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Vol. 18. Issue 3.
Pages 409 (May - June 2019)
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Vol. 18. Issue 3.
Pages 409 (May - June 2019)
DOI: 10.1016/j.aohep.2019.03.003
Open Access
Why, What and Where: 3W in hepatology
Claudio Tiribelli
Scientific Director, Fondazione Italiana Fegato, Bldg Q AREA Science Park – Basovizza Campus, ss 14 km 163.5, 34149 Trieste, Italy
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Research (medical among the others) is one of the most challenging, creative, expensive and demanding activity a man can do. It needs to vision the problem and come out with experiments which can prove or deny what we think may be true. When the results are obtained and we think are solid, the next question arises: WHY I will make my data public and available to the scientific community worldwide? This WHY is based on several reasons. The first is to show the community that I am involved actively in the diffusion of medical knowledge and to gather/improve my scientific reputation thus increasing the possibility to have a better position and bigger grants. We must avoid the pressure to publish and prevent as much as we can the “publish or perish” syndrome.

At the end of each study, the number of data is usually much more than what expected when the research was planned, opening the intriguing and sometimes difficult issue of “WHAT” to include in the article I will submit. This is where the scientific rigor needs to be the only driving force to prevent unscientific selection of what seems to us more promising and disregarding what look less in favor of our thesis. When Galileo Galilei taught his fellows that the sun was still and the earth was circling (the so-called heliocentrism), in sharp contrast with the dogma (he was tried by the Inquisition for heresy), he asked to perform all the experiments to prove the opposite thesis; only and only when all the results were negative, the conclusion that the earth was rotating around the sun can be firmly stated. Unfortunately, this criterium is seldom applied.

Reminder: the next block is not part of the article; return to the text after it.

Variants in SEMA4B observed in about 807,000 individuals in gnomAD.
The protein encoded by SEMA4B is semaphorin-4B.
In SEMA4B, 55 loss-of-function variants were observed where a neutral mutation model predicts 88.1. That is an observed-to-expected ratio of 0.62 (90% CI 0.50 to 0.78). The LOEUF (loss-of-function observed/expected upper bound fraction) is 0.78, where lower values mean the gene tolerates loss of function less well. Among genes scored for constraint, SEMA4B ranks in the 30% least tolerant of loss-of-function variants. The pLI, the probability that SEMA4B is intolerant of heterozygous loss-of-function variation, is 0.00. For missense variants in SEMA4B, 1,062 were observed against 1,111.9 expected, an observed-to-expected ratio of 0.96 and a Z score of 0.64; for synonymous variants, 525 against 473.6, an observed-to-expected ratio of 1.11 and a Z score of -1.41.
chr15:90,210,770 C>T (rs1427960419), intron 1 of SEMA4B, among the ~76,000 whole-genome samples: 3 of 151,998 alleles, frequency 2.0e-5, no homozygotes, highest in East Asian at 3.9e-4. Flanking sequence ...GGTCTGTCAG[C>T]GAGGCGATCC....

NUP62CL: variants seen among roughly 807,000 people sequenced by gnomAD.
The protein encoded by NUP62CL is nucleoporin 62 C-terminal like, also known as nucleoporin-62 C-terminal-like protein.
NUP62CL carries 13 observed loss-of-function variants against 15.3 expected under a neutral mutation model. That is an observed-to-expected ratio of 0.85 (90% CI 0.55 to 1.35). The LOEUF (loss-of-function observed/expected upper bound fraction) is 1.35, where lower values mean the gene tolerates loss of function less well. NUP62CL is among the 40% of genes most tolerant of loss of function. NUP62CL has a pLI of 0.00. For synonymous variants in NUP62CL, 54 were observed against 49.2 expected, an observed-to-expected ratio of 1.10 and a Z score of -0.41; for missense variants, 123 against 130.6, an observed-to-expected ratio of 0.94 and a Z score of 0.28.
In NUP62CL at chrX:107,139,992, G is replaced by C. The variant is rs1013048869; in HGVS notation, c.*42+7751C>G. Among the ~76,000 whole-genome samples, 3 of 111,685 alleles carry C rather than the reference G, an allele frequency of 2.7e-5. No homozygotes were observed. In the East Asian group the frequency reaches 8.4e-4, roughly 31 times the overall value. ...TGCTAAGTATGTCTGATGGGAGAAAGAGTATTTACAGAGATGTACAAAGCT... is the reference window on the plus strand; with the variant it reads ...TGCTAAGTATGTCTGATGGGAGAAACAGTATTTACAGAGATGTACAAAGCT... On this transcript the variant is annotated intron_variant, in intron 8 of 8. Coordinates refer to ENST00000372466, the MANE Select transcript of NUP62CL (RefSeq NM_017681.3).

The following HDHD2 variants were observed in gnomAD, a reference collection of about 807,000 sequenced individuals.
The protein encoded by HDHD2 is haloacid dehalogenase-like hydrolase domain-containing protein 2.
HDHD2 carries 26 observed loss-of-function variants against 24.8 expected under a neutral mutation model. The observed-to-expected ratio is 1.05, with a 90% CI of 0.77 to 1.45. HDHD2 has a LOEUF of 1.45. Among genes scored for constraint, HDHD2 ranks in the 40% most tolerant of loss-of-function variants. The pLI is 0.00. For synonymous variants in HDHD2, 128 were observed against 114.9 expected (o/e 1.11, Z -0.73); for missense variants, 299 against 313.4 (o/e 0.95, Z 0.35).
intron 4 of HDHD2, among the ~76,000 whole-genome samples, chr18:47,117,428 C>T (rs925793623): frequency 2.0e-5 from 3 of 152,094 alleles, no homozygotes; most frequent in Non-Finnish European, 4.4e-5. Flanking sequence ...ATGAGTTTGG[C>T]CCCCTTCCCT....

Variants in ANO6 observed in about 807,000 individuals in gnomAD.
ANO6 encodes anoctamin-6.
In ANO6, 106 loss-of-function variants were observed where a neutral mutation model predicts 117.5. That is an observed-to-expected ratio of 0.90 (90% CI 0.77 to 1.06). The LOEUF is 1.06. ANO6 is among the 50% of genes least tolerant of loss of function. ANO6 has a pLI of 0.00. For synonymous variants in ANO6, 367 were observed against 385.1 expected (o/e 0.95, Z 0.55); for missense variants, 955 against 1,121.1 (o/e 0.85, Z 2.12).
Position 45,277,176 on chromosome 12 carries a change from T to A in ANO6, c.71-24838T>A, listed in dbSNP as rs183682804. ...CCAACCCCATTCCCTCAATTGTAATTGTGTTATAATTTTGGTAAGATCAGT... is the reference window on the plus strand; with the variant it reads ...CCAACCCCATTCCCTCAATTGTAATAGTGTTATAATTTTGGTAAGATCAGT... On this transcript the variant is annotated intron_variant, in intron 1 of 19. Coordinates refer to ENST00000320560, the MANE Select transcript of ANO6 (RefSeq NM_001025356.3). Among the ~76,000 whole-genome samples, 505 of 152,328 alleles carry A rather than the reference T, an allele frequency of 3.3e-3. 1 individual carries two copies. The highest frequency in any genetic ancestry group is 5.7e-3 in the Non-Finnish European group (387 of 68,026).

Once your paper is ready, the next question is “WHERE” it may be published. Several different parameters must be considered but one among the others is the most crucial: the impact factor of the journal where my paper will be submitted. This vision may be partially misleading. While it is true that the most prestigious journals have the highest IF, it is also true that if I want to have my data available to the wider possible audience I should not publish in a journal where the access is restricted to either subscribers of libraries of research centers/universities. This is the reason why the policy of open access is gaining momentum. Unfortunately, the cost for open access is rapidly increasing making the possibility to submit to those groups which are not funded almost impossible. The open access option is very important however, particularly for clinical studies dealing with local/regional diseases (liver diseases included). In a world where the circulation of people is dramatically increasing and where you can cross continents in less than 12h, being informed of what is occurring in remote realities will be important. How can an hepatologist of the Northern hemisphere be aware of the clinical picture and treatment options of a hepatitis due to Yellow Fever virus or other Flaviviruses, such as Zika and dengue viruses if this information is not available openly [1]? Therefore, the possibility of publishing in a widely read journal on series collected in certain areas is upmost relevant. This is one of the reasons Annals of Hepatology may serve as an important scientific herald [2].

The 3W approach of translational hepatology is a challenging task but it will worth effective should all of us keep our mind open.

C.S. de Freitas, L.M. Higa, C.Q. Sacramento, A.C. Ferreira, P.A. Reis, R. Delvecchio, et al.
Yellow fever virus is susceptible to sofosbuvir both in vitro and in vivo.
PLoS Negl Trop Dis, 13 (2019), pp. e0007072
A. Panduro, C. Tiribelli, N.C. Chávez-Tapia, M. Uribe.
A new stage in annals of hepatology.
Ann Hepatol, 17 (2018), pp. 339-340
Copyright © 2019. Fundación Clínica Médica Sur, A.C.
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